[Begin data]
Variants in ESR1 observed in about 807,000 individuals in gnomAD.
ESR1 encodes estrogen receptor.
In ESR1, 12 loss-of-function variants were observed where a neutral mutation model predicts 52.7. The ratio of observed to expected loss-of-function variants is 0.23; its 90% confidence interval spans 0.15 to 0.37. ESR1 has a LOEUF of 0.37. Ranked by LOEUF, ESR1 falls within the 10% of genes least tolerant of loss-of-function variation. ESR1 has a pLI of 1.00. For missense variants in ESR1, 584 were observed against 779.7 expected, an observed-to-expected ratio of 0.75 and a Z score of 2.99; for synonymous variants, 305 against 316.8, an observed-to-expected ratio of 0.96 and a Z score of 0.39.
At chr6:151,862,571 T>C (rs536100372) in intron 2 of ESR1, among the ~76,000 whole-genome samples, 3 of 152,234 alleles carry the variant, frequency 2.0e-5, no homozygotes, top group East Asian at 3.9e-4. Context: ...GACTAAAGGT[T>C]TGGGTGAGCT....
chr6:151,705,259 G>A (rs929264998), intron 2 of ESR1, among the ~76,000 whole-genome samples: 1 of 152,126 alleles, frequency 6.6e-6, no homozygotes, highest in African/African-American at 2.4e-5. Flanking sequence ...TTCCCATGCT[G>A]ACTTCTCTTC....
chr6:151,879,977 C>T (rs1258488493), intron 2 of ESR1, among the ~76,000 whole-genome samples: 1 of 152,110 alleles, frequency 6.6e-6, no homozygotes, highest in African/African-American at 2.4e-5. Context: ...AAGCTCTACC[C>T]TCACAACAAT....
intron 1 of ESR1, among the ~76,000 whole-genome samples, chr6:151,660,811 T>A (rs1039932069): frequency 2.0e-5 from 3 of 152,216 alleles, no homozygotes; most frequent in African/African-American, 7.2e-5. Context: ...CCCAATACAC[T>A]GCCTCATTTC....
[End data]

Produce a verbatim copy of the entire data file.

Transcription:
Variants in ESR1 observed in about 807,000 individuals in gnomAD.
ESR1 encodes estrogen receptor.
In ESR1, 12 loss-of-function variants were observed where a neutral mutation model predicts 52.7. The ratio of observed to expected loss-of-function variants is 0.23; its 90% confidence interval spans 0.15 to 0.37. ESR1 has a LOEUF of 0.37. Ranked by LOEUF, ESR1 falls within the 10% of genes least tolerant of loss-of-function variation. ESR1 has a pLI of 1.00. For missense variants in ESR1, 584 were observed against 779.7 expected, an observed-to-expected ratio of 0.75 and a Z score of 2.99; for synonymous variants, 305 against 316.8, an observed-to-expected ratio of 0.96 and a Z score of 0.39.
At chr6:151,862,571 T>C (rs536100372) in intron 2 of ESR1, among the ~76,000 whole-genome samples, 3 of 152,234 alleles carry the variant, frequency 2.0e-5, no homozygotes, top group East Asian at 3.9e-4. Context: ...GACTAAAGGT[T>C]TGGGTGAGCT....
chr6:151,705,259 G>A (rs929264998), intron 2 of ESR1, among the ~76,000 whole-genome samples: 1 of 152,126 alleles, frequency 6.6e-6, no homozygotes, highest in African/African-American at 2.4e-5. Flanking sequence ...TTCCCATGCT[G>A]ACTTCTCTTC....
chr6:151,879,977 C>T (rs1258488493), intron 2 of ESR1, among the ~76,000 whole-genome samples: 1 of 152,110 alleles, frequency 6.6e-6, no homozygotes, highest in African/African-American at 2.4e-5. Context: ...AAGCTCTACC[C>T]TCACAACAAT....
intron 1 of ESR1, among the ~76,000 whole-genome samples, chr6:151,660,811 T>A (rs1039932069): frequency 2.0e-5 from 3 of 152,216 alleles, no homozygotes; most frequent in African/African-American, 7.2e-5. Context: ...CCCAATACAC[T>A]GCCTCATTTC....